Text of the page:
Definition of Solitary wave
1. Noun. (physics) a quantum of energy or quasiparticle that can be propagated as a traveling wave in nonlinear systems and is neither preceded nor followed by another such disturbance; does not obey the superposition principle and does not dissipate. "Soliton waves can travel long distances with little loss of energy or structure"
Category relationships: Natural Philosophy, Physics
Generic synonyms: Traveling Wave, Travelling Wave
Solitary Wave Pictures
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Lexicographical Neighbors of Solitary Wave
Literary usage of Solitary wave
Below you will find example usage of this term as found in modern and/or classical literature:
1. Mathematical and Physical Papers by Sir George Gabriel Stokes, Baron John William Strutt Rayleigh (1905)
"IN a paper on the solitary wave by Mr J. McCowan, printed in the July number of the Philosophical Magazine, for a copy of which I am indebted to the ..."
2. Scientific Papers by John William Strutt Rayleigh (1899)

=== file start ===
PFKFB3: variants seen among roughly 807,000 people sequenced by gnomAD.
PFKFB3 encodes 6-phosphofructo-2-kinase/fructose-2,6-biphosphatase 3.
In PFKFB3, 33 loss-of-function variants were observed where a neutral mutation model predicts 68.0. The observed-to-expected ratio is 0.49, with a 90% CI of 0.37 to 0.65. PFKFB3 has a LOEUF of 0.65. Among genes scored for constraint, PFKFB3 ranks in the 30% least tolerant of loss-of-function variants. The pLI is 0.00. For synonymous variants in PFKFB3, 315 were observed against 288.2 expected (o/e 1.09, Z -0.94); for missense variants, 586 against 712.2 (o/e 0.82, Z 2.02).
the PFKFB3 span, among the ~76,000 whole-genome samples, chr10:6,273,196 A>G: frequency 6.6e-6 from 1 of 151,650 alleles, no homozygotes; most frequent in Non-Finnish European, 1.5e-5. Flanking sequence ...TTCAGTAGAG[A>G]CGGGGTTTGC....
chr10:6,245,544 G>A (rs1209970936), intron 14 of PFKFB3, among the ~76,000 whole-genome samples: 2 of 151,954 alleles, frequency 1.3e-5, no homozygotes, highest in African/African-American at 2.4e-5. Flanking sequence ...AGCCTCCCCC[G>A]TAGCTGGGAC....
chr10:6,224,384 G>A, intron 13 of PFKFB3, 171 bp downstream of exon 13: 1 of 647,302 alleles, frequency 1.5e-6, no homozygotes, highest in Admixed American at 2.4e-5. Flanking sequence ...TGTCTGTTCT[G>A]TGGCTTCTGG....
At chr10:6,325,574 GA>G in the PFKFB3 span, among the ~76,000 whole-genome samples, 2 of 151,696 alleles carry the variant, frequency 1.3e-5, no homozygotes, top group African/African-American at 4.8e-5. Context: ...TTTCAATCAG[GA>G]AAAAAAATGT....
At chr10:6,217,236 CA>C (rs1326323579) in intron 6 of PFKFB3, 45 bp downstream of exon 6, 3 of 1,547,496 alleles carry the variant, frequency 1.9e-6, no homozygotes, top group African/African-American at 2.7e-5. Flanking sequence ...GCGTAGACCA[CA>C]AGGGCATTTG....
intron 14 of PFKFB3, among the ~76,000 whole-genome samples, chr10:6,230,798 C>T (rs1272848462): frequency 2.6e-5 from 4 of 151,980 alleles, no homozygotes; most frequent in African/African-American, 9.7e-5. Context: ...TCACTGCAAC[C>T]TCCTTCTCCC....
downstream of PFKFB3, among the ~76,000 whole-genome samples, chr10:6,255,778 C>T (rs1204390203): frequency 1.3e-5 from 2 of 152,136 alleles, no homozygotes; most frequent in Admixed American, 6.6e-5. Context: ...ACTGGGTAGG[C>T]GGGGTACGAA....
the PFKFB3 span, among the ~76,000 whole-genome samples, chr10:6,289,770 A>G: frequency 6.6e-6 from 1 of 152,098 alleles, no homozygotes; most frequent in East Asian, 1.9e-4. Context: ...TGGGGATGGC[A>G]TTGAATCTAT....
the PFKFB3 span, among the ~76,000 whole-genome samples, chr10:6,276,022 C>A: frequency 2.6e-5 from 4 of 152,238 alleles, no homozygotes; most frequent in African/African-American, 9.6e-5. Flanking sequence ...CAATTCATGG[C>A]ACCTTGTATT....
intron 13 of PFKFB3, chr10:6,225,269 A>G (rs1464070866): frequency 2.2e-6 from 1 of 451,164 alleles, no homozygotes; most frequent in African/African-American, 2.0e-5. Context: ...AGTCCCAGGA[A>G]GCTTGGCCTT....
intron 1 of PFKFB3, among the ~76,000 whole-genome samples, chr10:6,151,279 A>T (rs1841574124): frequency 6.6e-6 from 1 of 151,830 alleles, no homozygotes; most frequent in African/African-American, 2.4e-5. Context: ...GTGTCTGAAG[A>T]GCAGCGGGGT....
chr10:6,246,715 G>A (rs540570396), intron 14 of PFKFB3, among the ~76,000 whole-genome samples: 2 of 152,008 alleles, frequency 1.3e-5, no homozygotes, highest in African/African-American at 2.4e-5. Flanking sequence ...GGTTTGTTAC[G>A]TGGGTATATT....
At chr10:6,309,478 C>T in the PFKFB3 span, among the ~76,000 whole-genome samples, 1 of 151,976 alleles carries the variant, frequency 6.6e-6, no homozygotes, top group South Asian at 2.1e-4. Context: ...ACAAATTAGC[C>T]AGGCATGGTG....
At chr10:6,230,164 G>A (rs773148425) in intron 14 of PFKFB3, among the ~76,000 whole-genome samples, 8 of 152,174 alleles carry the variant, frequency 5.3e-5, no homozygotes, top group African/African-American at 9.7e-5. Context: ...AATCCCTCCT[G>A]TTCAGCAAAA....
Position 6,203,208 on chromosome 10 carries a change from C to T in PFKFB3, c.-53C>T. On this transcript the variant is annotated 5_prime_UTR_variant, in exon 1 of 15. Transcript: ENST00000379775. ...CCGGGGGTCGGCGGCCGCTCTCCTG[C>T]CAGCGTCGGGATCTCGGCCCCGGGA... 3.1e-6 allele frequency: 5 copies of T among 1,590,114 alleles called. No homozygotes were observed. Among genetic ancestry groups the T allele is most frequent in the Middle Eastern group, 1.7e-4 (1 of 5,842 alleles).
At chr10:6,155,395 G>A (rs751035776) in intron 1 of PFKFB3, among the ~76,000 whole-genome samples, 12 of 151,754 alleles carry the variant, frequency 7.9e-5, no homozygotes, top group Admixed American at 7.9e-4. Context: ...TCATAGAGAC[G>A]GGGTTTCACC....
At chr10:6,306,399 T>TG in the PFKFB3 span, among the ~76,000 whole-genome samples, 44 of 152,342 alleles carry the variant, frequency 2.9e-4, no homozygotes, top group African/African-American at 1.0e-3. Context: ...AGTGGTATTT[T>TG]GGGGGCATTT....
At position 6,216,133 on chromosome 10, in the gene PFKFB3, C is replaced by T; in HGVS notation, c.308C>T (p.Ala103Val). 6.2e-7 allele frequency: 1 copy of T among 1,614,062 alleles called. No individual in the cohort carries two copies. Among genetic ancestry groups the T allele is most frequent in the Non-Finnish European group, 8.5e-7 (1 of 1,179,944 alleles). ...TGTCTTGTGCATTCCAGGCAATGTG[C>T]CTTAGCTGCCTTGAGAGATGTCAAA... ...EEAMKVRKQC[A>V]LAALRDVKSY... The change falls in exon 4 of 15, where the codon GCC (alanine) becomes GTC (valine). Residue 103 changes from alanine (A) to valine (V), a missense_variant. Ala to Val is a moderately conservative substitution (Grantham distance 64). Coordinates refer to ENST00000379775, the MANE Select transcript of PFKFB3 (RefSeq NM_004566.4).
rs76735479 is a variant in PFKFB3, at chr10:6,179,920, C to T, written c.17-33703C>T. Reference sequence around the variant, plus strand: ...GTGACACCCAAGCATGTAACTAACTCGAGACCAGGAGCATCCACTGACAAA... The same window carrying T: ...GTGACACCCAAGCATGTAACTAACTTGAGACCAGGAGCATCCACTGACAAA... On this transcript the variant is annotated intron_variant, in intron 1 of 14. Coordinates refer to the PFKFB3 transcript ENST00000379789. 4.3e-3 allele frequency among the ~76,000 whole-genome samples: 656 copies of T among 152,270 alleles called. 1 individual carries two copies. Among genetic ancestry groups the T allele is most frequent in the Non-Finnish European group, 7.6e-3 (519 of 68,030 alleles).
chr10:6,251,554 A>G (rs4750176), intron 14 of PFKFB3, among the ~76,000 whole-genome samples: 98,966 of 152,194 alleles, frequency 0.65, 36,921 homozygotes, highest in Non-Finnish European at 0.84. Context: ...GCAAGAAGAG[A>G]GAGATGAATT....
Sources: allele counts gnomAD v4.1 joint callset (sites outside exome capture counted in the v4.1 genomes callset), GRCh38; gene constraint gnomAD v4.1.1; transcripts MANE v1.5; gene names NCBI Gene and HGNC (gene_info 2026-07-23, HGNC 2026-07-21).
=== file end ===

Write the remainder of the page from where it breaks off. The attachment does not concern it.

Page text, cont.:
"... his treatise on Tides and Waves, still probably the best authority on the subject, appears not to recognize anything distinctive in the solitary wave. ..."
3. The Advanced Part of A Treatise on the Dynamics of a System of Rigid Bodies by Edward John Routh (1905)
"It appears therefore that if a solitary wave travel up the chain, ... If the chain is homogeneous, the boundaries of a solitary wave travel up the chain ..."
4. A Treatise on Hydrodynamics: With Numerous Examples by Alfred Barnard Basset (1888)
"The solitary wave. 410. The theory of irrotational waves of permanent type depends upon the assumption, that it is possible for an infinite train of similar ..."
5. Report of the Annual Meeting (1847)
"It is the opinion of Mr. Russell that the solitary wave is a phenomenon ssi generis, ... Should it be correct, the analytical character of the solitary wave ..."
6. Naval Architecture by Cecil Hobart Peabody (1917)
"(16) (I) If the volume of water acted on to form a solitary wave exceeds the volume AmW of the wave having a height equal to the depth in the canal, ..."
7. Naval Architecture by Cecil Hobart Peabody (1911)
"(16) (I) If the volume of water acted on to form a solitary wave exceeds the ... It is possible that an attempt to form a solitary wave may result in the ..."